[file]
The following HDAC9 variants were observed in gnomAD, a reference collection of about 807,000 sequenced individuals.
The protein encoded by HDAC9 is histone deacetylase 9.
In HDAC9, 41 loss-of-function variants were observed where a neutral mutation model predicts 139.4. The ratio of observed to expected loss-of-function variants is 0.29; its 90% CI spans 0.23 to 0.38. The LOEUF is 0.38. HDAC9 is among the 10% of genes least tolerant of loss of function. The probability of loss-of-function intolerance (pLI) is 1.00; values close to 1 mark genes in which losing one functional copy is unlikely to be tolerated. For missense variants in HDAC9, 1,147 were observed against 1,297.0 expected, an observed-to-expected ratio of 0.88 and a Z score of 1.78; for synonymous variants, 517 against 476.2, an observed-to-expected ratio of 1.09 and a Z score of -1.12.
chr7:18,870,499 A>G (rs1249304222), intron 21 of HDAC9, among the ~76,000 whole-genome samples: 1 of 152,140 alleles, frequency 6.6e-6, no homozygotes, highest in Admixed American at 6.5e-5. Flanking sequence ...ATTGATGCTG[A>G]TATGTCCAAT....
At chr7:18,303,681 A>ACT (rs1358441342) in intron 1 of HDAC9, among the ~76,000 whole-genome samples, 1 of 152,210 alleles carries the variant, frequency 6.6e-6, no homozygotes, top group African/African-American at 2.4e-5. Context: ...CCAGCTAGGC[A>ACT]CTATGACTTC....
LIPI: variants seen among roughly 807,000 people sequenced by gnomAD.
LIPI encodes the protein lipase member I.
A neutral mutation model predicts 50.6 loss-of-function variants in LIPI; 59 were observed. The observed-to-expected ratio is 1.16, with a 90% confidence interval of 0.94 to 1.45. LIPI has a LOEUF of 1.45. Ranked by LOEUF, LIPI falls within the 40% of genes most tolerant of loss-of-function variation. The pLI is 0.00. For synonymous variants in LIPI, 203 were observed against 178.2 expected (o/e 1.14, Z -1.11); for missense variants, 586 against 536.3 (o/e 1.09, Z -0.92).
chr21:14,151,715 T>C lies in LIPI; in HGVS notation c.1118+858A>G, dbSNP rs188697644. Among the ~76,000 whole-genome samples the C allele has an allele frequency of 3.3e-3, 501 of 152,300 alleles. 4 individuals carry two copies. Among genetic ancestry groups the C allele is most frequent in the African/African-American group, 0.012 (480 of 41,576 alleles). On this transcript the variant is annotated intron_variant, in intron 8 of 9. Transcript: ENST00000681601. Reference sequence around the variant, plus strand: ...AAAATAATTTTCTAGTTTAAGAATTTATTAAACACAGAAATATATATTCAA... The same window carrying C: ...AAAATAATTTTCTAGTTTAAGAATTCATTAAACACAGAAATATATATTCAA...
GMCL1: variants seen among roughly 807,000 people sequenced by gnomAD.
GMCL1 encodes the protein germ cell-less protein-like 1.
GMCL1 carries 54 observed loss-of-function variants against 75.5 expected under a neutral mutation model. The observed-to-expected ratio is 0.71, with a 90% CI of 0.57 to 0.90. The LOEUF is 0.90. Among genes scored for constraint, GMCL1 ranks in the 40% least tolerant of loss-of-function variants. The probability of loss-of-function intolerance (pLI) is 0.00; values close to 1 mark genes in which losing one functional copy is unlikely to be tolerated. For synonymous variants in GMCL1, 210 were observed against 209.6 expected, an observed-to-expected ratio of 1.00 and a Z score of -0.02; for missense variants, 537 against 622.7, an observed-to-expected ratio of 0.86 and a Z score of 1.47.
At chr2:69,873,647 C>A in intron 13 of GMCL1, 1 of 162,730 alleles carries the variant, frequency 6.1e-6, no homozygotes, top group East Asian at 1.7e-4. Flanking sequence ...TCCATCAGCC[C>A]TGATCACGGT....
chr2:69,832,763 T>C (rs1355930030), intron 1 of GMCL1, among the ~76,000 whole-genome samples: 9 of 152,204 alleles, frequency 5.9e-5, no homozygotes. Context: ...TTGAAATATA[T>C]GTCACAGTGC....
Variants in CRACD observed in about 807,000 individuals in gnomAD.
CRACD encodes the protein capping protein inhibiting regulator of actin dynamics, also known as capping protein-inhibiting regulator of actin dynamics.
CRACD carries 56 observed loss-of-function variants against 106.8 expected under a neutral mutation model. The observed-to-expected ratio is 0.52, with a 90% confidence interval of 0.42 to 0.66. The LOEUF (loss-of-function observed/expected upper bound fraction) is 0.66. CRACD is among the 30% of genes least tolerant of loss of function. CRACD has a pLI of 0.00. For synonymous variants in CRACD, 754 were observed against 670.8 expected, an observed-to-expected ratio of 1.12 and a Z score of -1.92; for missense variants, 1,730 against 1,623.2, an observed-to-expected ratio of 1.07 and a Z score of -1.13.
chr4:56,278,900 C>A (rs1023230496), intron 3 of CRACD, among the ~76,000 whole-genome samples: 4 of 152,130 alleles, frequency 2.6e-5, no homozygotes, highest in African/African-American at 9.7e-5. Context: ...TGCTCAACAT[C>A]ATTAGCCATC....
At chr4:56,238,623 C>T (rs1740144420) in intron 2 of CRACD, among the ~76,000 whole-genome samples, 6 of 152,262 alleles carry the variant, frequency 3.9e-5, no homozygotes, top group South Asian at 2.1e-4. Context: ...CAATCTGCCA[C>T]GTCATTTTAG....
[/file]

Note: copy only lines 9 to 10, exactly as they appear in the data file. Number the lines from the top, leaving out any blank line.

chr21:14,151,715 T>C lies in LIPI; in HGVS notation c.1118+858A>G, dbSNP rs188697644. Among the ~76,000 whole-genome samples the C allele has an allele frequency of 3.3e-3, 501 of 152,300 alleles. 4 individuals carry two copies. Among genetic ancestry groups the C allele is most frequent in the African/African-American group, 0.012 (480 of 41,576 alleles). On this transcript the variant is annotated intron_variant, in intron 8 of 9. Transcript: ENST00000681601. Reference sequence around the variant, plus strand: ...AAAATAATTTTCTAGTTTAAGAATTTATTAAACACAGAAATATATATTCAA... The same window carrying C: ...AAAATAATTTTCTAGTTTAAGAATTCATTAAACACAGAAATATATATTCAA...
GMCL1: variants seen among roughly 807,000 people sequenced by gnomAD.